Mermentau River to Charenton Navigational Canal

Our anchorage on the Mermentau was beautiful and during the afternoon we had many alligator, turtle and bird sightings. This is a pretty remote area and we could also hear hunters firing at their prey way off in the distance. But all good things must come to an end in more ways than one. With 50 some miles, a lock and a fuel stop we had a long hard road ahead so anchor up and under way early. This trip has gone far too well so it was time for something to go wrong, after all this is cruising. Poking my head in the engine compartment shortly after heading down river revealed a pretty good stream of water coming out of the stuffing box. We use a special Goretex packing so the drip should be almost nothing. So here I was hanging upside down in the engine compartment trying to adjust the stuffing box as we drifted down river. This was the one thing we did not tend to before leaving with our long to do list occupying most of our time. I have not repacked the gland since I don't know when, maybe in Guatemala. So I suspect it is way past needing redone and after not going anywhere for 2 years and then pushing hard for the last week it is not surprising. The stuffing box is one of those things that had driven us crazy over the years. At times we can barely stem the flow and other times such as our trip from Central America to Texas it gave us no problems at all. We will keep an eye on it today and make adjustments when and if needed and just see how it works out. We would like to be able to nurse
it along until Houma but we will see.

There are more tugs today so that is getting back to normal for this part of the waterway. It is hazy and overcast and the air temp is about 81 degrees with very little wind. There is a bit of rain in the forecast for tomorrow morning and we could sure use a little fresh water rinse, but just a little. Our hardtop over the cockpit is set up as a big water catcher so it also helps fill the tanks. The trip through the Leland Bowman Lock went quickly and smoothly. As we arrived at the lock a tug and barge also east bound was tying up in the lock and we were instructed to come in as soon as he was secured and pull up ahead of him and tie to the opposite wall. As the gates behind us were closing the gates ahead began to open. We estimate that the water level raised maybe 6 inches and little turbulence was encountered. As soon as the gates were fully opened we were instructed to head out before the tug to avoid his prop wash. We got out as quickly as possible and headed for Intracoastal City.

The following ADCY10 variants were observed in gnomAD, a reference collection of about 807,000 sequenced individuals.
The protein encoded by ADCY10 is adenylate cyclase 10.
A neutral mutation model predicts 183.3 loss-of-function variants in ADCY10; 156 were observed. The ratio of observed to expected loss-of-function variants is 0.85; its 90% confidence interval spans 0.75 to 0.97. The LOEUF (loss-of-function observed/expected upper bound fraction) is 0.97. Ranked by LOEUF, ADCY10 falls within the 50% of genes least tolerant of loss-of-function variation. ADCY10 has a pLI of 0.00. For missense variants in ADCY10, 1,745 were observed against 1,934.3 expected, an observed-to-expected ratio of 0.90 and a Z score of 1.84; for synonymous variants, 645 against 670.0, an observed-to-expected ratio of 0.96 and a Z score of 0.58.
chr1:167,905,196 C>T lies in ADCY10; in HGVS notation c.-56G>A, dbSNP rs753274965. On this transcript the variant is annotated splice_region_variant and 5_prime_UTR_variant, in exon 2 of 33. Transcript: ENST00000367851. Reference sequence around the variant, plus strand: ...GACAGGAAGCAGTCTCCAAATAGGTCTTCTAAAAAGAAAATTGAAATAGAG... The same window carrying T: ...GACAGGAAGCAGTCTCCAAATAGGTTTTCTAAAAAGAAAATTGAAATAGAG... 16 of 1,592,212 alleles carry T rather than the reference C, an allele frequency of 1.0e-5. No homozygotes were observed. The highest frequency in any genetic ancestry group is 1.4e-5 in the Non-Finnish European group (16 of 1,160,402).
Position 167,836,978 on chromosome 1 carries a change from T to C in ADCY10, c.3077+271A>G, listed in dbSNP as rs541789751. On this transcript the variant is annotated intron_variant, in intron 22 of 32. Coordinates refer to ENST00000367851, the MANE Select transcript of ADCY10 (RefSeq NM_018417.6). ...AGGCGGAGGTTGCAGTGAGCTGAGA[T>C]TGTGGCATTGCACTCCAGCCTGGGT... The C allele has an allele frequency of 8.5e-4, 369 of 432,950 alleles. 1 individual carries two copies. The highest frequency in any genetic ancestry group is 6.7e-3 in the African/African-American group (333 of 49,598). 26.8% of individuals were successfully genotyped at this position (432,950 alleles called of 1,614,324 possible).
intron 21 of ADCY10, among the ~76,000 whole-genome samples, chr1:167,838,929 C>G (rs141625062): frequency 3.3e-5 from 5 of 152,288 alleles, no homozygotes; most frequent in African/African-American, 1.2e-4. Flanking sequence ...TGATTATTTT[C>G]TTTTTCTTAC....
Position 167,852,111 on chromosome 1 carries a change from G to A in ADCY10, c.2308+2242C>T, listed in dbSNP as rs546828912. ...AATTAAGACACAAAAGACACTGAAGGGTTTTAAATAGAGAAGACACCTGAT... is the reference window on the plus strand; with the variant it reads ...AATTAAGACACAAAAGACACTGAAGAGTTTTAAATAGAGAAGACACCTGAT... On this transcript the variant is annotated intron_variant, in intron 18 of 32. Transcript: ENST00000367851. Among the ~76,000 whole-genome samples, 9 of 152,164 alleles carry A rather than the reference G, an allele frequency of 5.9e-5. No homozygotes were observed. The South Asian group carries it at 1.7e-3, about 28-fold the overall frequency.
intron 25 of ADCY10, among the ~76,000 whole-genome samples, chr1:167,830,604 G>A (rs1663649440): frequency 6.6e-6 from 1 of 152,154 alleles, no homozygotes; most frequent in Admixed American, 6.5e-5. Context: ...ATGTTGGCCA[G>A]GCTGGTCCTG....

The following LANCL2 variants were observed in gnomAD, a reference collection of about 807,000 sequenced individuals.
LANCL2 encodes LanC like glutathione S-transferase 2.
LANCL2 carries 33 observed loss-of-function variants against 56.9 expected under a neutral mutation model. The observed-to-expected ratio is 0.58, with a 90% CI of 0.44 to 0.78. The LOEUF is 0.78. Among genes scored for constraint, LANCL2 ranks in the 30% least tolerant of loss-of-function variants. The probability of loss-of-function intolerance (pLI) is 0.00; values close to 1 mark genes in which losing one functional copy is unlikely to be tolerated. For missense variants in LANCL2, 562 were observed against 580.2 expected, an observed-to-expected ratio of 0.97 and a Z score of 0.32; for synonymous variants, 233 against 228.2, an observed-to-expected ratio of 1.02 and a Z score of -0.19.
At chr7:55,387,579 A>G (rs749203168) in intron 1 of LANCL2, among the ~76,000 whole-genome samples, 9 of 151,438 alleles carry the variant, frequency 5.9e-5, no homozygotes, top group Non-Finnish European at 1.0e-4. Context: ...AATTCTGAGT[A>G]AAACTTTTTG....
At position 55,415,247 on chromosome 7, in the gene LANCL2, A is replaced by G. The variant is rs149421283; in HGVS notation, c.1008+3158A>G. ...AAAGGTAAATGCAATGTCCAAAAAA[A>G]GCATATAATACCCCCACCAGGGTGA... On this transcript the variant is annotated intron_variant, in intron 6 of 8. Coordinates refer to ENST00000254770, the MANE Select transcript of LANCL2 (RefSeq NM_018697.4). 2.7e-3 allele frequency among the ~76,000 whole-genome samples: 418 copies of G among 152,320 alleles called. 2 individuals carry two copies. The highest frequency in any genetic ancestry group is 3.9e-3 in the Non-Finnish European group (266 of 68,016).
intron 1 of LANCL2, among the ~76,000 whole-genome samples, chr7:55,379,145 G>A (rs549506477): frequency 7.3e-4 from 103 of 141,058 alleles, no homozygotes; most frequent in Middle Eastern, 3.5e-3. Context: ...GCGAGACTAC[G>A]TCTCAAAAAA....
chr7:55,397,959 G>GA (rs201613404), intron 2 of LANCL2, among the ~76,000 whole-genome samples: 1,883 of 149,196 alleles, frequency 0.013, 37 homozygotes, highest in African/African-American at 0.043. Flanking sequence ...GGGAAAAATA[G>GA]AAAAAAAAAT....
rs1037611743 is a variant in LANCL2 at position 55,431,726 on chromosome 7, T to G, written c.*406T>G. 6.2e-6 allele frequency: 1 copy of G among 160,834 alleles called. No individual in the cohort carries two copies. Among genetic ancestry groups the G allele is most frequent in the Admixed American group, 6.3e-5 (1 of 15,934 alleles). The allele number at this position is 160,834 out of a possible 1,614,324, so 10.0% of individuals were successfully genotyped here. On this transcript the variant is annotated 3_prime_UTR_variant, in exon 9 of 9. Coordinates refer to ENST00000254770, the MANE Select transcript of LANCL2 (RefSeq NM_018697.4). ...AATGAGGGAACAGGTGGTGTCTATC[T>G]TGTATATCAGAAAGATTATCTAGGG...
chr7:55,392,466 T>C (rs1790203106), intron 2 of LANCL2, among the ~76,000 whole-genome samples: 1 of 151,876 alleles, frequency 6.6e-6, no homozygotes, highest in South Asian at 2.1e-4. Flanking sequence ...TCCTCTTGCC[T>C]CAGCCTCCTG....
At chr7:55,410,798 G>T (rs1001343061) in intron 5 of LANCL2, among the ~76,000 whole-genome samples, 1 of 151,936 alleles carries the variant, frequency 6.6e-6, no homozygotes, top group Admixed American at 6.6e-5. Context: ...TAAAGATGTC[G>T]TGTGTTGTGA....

Our stop at the Shell Morgan fuel dock in Intracoastal City revealed that our stuffing box was still leaking quite a bit so we decided it needed repacking now since we still had a long way to go the next couple of days. After fueling up and topping off the water tank we moved to the other side of the dock and tied up for the night. Fuel is at $4.05 per gallon here and this is usually the best price anywhere on the waterway. Overnight tie up is a flat $20.00 and there is electric but only 20 Amp service.

 This is right on the waterway and not one of our quieter stops. There are tugs and barges, work boats of all sizes, shrimpers and supply boats, sometimes all operating at the same time. It is noisy, smelly and rolly but the price is right. This worked out fine for us and shortly after settling in the repairs began. Once the flange is removed and the old packing is pulled out there is a pretty good flow of water coming into the boat. But once the new packing was in place the flow stopped immediately. The whole process took a couple of hours only because I want to do a small modification to the flange bolts and the stuffing box is very difficult to get to. The job needs to be done hanging almost upside down off the back of the engine which was quite warm from running all day. It is finally done though and should not need repacking again for some time. We will need to do some minor adjustments in the morning as we run down the waterway. Did I mention the engine room was really hot and very uncomfortable to work on the stuffing box?